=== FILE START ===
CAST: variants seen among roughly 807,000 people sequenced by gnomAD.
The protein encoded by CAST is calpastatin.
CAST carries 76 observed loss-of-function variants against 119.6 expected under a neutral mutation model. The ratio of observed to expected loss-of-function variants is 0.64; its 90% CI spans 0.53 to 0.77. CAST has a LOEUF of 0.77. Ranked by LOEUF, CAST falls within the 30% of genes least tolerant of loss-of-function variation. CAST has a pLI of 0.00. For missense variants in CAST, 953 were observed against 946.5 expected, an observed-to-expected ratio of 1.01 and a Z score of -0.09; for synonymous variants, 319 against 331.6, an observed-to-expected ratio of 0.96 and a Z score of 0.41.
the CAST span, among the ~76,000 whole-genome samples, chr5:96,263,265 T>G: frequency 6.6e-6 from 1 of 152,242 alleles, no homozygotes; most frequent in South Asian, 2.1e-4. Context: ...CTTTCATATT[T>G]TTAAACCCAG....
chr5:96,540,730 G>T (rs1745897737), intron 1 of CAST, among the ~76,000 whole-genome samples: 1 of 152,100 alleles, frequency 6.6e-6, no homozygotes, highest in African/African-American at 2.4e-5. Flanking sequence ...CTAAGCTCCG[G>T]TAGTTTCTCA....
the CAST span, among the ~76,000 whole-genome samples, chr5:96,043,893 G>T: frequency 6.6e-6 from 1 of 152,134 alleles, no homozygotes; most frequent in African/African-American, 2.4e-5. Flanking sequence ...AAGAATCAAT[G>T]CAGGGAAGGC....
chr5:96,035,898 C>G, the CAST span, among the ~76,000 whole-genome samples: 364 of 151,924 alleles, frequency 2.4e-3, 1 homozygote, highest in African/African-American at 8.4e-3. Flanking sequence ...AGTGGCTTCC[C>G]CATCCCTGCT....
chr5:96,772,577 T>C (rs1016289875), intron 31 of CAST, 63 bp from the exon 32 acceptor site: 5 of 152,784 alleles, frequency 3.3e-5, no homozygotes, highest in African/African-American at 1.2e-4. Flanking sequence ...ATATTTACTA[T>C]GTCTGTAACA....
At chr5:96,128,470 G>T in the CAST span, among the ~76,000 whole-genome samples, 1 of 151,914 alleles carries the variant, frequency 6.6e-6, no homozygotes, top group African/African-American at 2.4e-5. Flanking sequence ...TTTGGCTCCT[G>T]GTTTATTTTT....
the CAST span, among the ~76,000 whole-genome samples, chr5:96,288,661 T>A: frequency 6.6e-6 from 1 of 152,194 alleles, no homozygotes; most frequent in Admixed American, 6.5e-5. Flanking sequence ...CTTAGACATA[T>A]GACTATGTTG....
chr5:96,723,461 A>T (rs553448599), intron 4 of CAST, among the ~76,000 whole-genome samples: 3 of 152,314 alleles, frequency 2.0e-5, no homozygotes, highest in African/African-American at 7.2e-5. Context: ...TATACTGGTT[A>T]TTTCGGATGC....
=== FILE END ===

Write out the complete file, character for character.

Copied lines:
CAST: variants seen among roughly 807,000 people sequenced by gnomAD.
The protein encoded by CAST is calpastatin.
CAST carries 76 observed loss-of-function variants against 119.6 expected under a neutral mutation model. The ratio of observed to expected loss-of-function variants is 0.64; its 90% CI spans 0.53 to 0.77. CAST has a LOEUF of 0.77. Ranked by LOEUF, CAST falls within the 30% of genes least tolerant of loss-of-function variation. CAST has a pLI of 0.00. For missense variants in CAST, 953 were observed against 946.5 expected, an observed-to-expected ratio of 1.01 and a Z score of -0.09; for synonymous variants, 319 against 331.6, an observed-to-expected ratio of 0.96 and a Z score of 0.41.
the CAST span, among the ~76,000 whole-genome samples, chr5:96,263,265 T>G: frequency 6.6e-6 from 1 of 152,242 alleles, no homozygotes; most frequent in South Asian, 2.1e-4. Context: ...CTTTCATATT[T>G]TTAAACCCAG....
chr5:96,540,730 G>T (rs1745897737), intron 1 of CAST, among the ~76,000 whole-genome samples: 1 of 152,100 alleles, frequency 6.6e-6, no homozygotes, highest in African/African-American at 2.4e-5. Flanking sequence ...CTAAGCTCCG[G>T]TAGTTTCTCA....
the CAST span, among the ~76,000 whole-genome samples, chr5:96,043,893 G>T: frequency 6.6e-6 from 1 of 152,134 alleles, no homozygotes; most frequent in African/African-American, 2.4e-5. Flanking sequence ...AAGAATCAAT[G>T]CAGGGAAGGC....
chr5:96,035,898 C>G, the CAST span, among the ~76,000 whole-genome samples: 364 of 151,924 alleles, frequency 2.4e-3, 1 homozygote, highest in African/African-American at 8.4e-3. Flanking sequence ...AGTGGCTTCC[C>G]CATCCCTGCT....
chr5:96,772,577 T>C (rs1016289875), intron 31 of CAST, 63 bp from the exon 32 acceptor site: 5 of 152,784 alleles, frequency 3.3e-5, no homozygotes, highest in African/African-American at 1.2e-4. Flanking sequence ...ATATTTACTA[T>C]GTCTGTAACA....
At chr5:96,128,470 G>T in the CAST span, among the ~76,000 whole-genome samples, 1 of 151,914 alleles carries the variant, frequency 6.6e-6, no homozygotes, top group African/African-American at 2.4e-5. Flanking sequence ...TTTGGCTCCT[G>T]GTTTATTTTT....
the CAST span, among the ~76,000 whole-genome samples, chr5:96,288,661 T>A: frequency 6.6e-6 from 1 of 152,194 alleles, no homozygotes; most frequent in Admixed American, 6.5e-5. Flanking sequence ...CTTAGACATA[T>A]GACTATGTTG....
chr5:96,723,461 A>T (rs553448599), intron 4 of CAST, among the ~76,000 whole-genome samples: 3 of 152,314 alleles, frequency 2.0e-5, no homozygotes, highest in African/African-American at 7.2e-5. Context: ...TATACTGGTT[A>T]TTTCGGATGC....